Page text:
New Course: Human Factors in Critical Care

Rethink how crises are managed, even when stress levels are high. Enrolments are now open for our new course, led by Associate Professor Stu Marshall, starting 1st May 2023.

Every day in healthcare, experts are making split second life-or-death decisions. These are often made when the information they have is scarce or incomplete. Health professionals react rapidly to emergency circumstances performing complex procedures from memory.

Human Factors is the science of redesigning the environment, the equipment, the training and processes to ensure every decision is well-informed and every action is performed accurately. This course will equip you with the knowledge and skills to design future care that is safer and more efficient.

Designed and led by Associate Professor Stuart Marshall, ‘Human Factors in Critical Care’ is a flexible, online, 8 week course with a single day face-to-face intensive.

‘Human Factors in Critical Care’ is offered as a single subject, or as part of the Graduate Certificate in Disaster and Terror Medicine, or as an elective in the Master of Advanced Nursing degrees.

Key details:

  • Flexible 8 week online course
  • 1 day face-to-face workshop

What will I learn?

On completion of this subject, students should be able to:

  • Identify and describe the scope of human factors/ergonomics and apply it to their work setting
  • Analyse the components of a work task and determine how it might be modified using human factors techniques
  • Perform an evaluation of an environmental or organisational aspect of their work that affects human performance
  • Appraise the effects of team processes on performance and give examples of how these could be improved
  • Recognise how linear models of incident analysis fail to capture complexity of how work is performed
  • Construct a translational simulation to address a potential incident

Dates and times

All learning is conducted online, except for one compulsory face-to-face workshop (Friday 16th June). Students will be required to attend campus on this day.

Enrol online by: 25th April 2023

Access to materials: 24th April 2023

Teaching period: 1st May to 25th June 2023

Single subject fees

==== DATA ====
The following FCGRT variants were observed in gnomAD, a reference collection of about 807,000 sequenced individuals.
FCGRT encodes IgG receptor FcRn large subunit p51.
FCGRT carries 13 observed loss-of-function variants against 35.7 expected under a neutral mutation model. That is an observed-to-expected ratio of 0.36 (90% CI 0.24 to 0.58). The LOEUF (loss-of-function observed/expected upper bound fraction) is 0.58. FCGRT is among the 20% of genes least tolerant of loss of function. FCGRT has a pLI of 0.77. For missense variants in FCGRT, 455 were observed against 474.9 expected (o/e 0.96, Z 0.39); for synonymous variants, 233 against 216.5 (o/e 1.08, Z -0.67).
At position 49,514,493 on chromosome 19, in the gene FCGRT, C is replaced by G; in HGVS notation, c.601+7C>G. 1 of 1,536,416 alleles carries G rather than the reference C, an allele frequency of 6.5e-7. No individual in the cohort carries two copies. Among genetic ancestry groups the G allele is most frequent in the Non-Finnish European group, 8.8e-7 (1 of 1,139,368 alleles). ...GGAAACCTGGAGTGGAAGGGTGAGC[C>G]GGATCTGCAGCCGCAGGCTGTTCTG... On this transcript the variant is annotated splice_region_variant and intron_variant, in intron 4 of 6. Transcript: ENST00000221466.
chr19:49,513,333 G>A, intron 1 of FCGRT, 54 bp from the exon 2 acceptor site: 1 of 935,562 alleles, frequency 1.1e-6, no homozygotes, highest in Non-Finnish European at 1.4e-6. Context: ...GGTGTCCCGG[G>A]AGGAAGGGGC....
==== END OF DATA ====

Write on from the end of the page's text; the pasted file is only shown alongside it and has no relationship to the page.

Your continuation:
$3,784 (assessed)

$3,028 (non-assessed)

Applications have been submitted for registration of CPD points with CICM and ACEM.

Who you will learn from

Associate Professor Stuart Marshall is the Lead, Interprofessional Team Work & Crisis Management in the Department of Critical Care. He is a member of the Council of the Australian and New Zealand College of Anaesthestists, works as an anaesthetist in Frankston and as the Lead in Clinical Human Factors at the Alfred Hospital Centre for Health Innovation in Melbourne. He has teaching and research portfolios in Human Factors and Patient Safety at The University of Melbourne and Monash University. Associate Professor Marshall is an associate editor of Anaesthesia, and Advances in Simulation, and an editor of the international Human Factors in Healthcare journal. He has an interest in how to support decision making in clinical emergencies and how innovation can improve safety an efficiency of care.

Other contributors:

  • Marion Orchison, Senior Lecturer in the Department of Critical Care and humanitarian specialist with 15 years experience working in the sector, helping prepare technical experts for field deployments.
  • Steven Shorrock, Psychologist, Chartered Ergonomist and Human Factors Specialist, with experience in aviation, rail, onshore process industries, healthcare and government administration, currently working at Eurocontrol.
  • Jo Douglass, Director of Research and James Stewart Professor of Medicine, The Royal Melbourne Hospital & The University of Melbourne.
  • Tony Smith, Clinical Director of St John Ambulance and Intensivist, Auckland City Hospital, Aotearoa, New Zealand
  • Rob Heaslip, Area Manager for Ambulance Victoria.
  • Ellen Flint, Executive Director of People and Culture at The Royal Melbourne Hospital.

More information




Phone: + 61 3 8344 0149

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